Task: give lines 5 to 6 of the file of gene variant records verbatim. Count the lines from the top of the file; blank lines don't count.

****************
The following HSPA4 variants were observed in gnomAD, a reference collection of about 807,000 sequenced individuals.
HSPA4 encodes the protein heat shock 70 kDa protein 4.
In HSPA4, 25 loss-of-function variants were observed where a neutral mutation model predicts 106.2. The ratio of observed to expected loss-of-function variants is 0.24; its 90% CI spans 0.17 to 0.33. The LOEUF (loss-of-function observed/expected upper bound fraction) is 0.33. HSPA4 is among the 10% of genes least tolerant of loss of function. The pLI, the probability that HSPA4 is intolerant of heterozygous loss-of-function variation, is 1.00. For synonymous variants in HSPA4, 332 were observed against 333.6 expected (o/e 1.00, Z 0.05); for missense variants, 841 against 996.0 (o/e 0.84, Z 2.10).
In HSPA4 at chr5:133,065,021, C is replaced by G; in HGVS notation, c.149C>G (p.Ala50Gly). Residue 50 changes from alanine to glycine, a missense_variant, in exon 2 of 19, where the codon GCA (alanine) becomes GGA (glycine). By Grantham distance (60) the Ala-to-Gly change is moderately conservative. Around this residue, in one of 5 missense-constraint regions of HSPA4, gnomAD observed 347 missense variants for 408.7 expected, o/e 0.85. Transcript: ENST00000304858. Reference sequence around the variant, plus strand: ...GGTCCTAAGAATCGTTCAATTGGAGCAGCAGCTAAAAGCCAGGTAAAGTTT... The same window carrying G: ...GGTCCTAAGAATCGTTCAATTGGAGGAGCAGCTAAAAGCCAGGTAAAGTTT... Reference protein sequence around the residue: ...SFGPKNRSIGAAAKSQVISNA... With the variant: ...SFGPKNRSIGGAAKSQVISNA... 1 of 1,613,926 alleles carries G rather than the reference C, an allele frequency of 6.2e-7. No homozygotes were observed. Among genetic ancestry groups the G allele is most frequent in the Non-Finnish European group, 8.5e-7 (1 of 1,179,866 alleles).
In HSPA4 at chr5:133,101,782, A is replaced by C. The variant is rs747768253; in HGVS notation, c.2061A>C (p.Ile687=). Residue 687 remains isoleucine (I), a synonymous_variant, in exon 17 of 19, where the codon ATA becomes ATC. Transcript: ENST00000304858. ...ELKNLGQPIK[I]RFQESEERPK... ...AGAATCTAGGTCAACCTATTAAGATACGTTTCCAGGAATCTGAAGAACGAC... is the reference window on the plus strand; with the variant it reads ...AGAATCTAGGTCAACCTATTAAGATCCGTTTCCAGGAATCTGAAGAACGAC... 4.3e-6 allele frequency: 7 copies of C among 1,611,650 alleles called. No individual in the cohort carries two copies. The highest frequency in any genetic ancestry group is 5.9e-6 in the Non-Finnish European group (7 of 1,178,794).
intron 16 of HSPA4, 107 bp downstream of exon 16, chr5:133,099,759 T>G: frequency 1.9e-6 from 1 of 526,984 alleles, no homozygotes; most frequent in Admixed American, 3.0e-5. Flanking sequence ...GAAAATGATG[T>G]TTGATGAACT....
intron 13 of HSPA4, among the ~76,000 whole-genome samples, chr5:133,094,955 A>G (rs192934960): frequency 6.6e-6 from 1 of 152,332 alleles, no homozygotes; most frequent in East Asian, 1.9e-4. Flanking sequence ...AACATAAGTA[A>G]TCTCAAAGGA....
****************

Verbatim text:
In HSPA4 at chr5:133,101,782, A is replaced by C. The variant is rs747768253; in HGVS notation, c.2061A>C (p.Ile687=). Residue 687 remains isoleucine (I), a synonymous_variant, in exon 17 of 19, where the codon ATA becomes ATC. Transcript: ENST00000304858. ...ELKNLGQPIK[I]RFQESEERPK... ...AGAATCTAGGTCAACCTATTAAGATACGTTTCCAGGAATCTGAAGAACGAC... is the reference window on the plus strand; with the variant it reads ...AGAATCTAGGTCAACCTATTAAGATCCGTTTCCAGGAATCTGAAGAACGAC... 4.3e-6 allele frequency: 7 copies of C among 1,611,650 alleles called. No individual in the cohort carries two copies. The highest frequency in any genetic ancestry group is 5.9e-6 in the Non-Finnish European group (7 of 1,178,794).
intron 16 of HSPA4, 107 bp downstream of exon 16, chr5:133,099,759 T>G: frequency 1.9e-6 from 1 of 526,984 alleles, no homozygotes; most frequent in Admixed American, 3.0e-5. Flanking sequence ...GAAAATGATG[T>G]TTGATGAACT....